Courage, traditionally understood, enables one to conquer his fears, and most of us admire it—at least in theory.  “But in everyday practice,” Frank Ferudi says in How Fear Works, “we have become estranged from this ideal and do very little to cultivate it.”  It has frequently, in fact, been “downsized” and even extended to assorted self-help endeavors!  Rather than a moral virtue best evident on the field of battle, it has turned into a therapeutic suggestion.  Thus we commend the “courage” of suffering poor health or recovering from romantic distress or speaking in public.  “The classical virtue of courage rooted it within moral norms that emphasized responsibility, altruism and wisdom.  The twenty-first-century therapeutic version is not based on an unshakable normative foundation; it has become disassociated from moral norms and is adopted instrumentally as a medium for achieving wellness” (#3040).

This cultural shift is generally justified by the necessity of “worst-case thinking” and the “Precautionary Principle,” a philosophical rationale “systematically outlined in the works of the German philosopher Hans Jonas, whose influential 1979 text The Imperative of Responsibility advocated the instrumental use of fear—what he calls the ‘heuristic of fear’—to promote the public’s acceptance of a dreadful view of the future.  Jonas offers what he perceives to be an ethical justification for promoting fear, which is that through its application, this emotion ought to be used to avoid humankind’s infliction of an ecological catastrophe on the planet” (#2749).  Jonas propounded “a teleology of doom based on the premise that modern technology threatens the world with an imminent threat of disaster” (#2756).  Among the intelligentsia he is “something of a philosophical saint” revered for his ecological sensitivities.  However, Furedi warns:  “his promotion of the principle of fear, his elitist contempt for people, and his advocacy of deception and tyranny, are rarely held to account” (#2798).

Inasmuch as courage is rooted in moral convictions, the increased fear in our society indicates a loss of moral certitude.  This phenomenon was diagnosed by Frank Ferudi in his 2016 work, What’s Happened to the University:  A Sociological Exploration of Its Infantilisation.  The author began his academic life as a student in 1965 and is now Emeritus Professor of Sociology at the University of Kent in the UK.  In his own student days universities were open to new ideas and touted the virtues of free speech and debating ideas.  As the decades passed, however, they became “far less hospitable to the ideals of freedom, tolerance and debate than in the world outside the university gate.”  They became fearful!   Students now seek to ban books that threaten their vulnerable psyches and protest speakers who might offend a spectrum of sexual and ethnic groups.  The free speech mantras of the ‘60s have morphed into speech codes; the former devotees of free speech have frequently become, as tenured professors, enforcers of censorship.  Many teachers forego the use of red pens to mark papers lest they damage fragile students’ egos, and    “safe spaces,” “trigger warnings,” “microagressions” and “chill out rooms” (replete with play dough and “comfort” animals to relieve anxieties) indicate how many universities have in fact become infantilized.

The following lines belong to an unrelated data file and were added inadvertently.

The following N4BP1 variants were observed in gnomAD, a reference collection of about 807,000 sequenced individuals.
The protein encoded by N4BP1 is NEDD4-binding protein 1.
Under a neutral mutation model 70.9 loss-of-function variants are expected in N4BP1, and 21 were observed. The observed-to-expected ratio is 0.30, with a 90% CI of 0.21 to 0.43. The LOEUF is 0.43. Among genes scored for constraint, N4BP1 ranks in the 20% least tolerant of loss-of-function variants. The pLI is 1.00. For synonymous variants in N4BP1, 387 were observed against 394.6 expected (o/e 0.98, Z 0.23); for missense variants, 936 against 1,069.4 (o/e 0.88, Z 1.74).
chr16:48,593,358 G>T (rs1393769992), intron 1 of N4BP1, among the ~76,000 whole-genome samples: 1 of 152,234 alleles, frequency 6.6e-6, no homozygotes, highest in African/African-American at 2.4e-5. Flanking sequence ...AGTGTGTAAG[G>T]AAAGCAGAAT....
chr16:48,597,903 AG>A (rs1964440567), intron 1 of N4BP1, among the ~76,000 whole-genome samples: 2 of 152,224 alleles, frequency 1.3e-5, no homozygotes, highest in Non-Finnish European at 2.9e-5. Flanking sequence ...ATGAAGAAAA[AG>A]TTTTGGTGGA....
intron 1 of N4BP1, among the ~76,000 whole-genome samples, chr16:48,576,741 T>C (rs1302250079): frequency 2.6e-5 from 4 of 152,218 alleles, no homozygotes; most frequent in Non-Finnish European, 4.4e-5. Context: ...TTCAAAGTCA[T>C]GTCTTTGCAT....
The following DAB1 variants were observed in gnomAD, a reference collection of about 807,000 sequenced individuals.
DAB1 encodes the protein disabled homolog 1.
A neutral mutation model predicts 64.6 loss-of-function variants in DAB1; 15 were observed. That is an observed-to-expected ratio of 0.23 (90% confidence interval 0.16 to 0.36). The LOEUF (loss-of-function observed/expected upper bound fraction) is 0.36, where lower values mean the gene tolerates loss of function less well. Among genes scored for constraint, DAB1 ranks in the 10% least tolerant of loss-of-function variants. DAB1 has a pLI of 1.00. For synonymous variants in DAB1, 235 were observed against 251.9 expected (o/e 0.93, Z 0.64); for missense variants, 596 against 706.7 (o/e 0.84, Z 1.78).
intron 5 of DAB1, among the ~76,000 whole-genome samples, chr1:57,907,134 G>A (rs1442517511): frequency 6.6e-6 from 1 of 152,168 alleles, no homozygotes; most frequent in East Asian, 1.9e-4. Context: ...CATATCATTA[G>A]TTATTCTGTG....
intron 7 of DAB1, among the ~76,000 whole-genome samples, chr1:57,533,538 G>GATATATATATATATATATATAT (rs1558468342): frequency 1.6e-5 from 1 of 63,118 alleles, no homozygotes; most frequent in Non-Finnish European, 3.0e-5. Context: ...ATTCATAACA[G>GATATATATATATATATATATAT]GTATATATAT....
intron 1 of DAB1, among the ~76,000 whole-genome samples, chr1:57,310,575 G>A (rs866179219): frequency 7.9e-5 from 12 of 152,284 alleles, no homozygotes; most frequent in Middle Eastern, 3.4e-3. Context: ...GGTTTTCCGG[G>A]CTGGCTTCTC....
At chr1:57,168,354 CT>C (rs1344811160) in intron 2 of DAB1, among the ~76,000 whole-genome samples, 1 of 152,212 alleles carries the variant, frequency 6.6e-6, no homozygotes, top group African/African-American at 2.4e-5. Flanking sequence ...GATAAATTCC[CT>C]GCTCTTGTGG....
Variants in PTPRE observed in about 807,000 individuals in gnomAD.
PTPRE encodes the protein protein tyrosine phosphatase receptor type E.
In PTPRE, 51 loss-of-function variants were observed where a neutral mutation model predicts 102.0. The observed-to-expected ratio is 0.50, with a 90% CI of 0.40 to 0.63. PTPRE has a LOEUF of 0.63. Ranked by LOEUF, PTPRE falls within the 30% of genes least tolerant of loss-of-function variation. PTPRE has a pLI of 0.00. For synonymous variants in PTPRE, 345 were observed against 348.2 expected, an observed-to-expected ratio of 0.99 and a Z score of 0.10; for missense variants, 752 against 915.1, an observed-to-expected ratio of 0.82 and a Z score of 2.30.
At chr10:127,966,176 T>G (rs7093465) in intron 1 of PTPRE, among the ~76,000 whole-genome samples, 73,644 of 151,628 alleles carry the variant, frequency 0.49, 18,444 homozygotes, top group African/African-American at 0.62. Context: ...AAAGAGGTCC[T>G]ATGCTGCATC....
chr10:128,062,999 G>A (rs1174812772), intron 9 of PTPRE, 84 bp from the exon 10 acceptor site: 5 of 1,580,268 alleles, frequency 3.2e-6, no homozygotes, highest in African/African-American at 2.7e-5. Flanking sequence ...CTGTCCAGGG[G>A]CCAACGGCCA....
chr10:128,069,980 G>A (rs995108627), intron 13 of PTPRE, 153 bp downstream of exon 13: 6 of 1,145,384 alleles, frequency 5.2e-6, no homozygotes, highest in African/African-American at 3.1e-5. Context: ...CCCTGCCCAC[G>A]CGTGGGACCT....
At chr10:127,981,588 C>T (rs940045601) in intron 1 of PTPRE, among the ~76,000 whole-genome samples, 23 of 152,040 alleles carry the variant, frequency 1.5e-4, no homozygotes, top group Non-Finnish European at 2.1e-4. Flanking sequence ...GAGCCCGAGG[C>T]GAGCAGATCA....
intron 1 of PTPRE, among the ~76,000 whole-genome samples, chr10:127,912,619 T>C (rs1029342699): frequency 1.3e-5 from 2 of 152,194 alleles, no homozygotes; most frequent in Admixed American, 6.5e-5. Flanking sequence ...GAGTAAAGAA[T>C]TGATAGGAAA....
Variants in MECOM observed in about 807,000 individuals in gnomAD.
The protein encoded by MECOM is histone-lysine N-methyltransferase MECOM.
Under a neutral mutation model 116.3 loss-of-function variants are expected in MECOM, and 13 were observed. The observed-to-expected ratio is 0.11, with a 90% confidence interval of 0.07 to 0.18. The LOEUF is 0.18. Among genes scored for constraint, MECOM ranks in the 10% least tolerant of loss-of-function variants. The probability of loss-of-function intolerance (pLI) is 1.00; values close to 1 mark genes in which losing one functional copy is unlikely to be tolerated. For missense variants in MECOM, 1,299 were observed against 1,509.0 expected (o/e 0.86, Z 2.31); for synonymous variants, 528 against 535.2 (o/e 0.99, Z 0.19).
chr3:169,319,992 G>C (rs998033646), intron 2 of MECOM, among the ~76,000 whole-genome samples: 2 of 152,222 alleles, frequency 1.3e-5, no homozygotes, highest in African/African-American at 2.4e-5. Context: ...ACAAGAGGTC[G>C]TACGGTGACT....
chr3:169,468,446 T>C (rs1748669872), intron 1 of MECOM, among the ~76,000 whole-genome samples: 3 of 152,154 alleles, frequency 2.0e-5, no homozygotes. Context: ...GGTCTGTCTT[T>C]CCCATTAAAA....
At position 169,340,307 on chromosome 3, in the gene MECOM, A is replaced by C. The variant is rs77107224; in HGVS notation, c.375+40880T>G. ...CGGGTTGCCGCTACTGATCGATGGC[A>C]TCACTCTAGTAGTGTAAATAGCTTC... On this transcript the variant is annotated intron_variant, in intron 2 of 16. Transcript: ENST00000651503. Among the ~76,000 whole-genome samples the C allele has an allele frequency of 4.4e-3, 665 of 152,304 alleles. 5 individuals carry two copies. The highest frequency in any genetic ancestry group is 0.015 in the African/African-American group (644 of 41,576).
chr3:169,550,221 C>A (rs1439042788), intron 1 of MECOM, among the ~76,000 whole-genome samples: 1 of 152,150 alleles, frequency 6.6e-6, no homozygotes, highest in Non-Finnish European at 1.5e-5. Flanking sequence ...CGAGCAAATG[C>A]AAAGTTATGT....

Two decades ago Ferudi published Culture of Fear: Risk Taking and the Morality of Low Expectations, arguing that moral confusion had hollowed out Western culture, making persons both increasingly less able to deal with risk and uncertainty and less positive about human nature and man’s ability to aspire and adventure.  Now he has revisited the subject in How Fear Works:  Culture of Fear in the Twenty-First Century (London:  Bloomsbury Publishing, c. 2018; Kindle Edition).   To illustrate his thesis Ferudi notes:  “Even an activity as banal as forecasting the weather has been transformed into a mini-drama through adopting a rhetoric that inflates the threat posed by relatively normal conditions.  Routine occurrences like storms, heavy snowfall or high temperature have been rebranded as extreme weather by the media.”  Indeed:  “The term ‘extreme weather’ is a paradigmatic culture of fear expression” and is, strangely enough,  “often interpreted through a moralistic narrative that presents it as the inevitable outcome of irresponsible human behaviour” (#338).  Summing up his study, he says “society has unwittingly become estranged from the values—such as courage, judgement, reasoning, responsibility—that are necessary for the management of fear” (#580).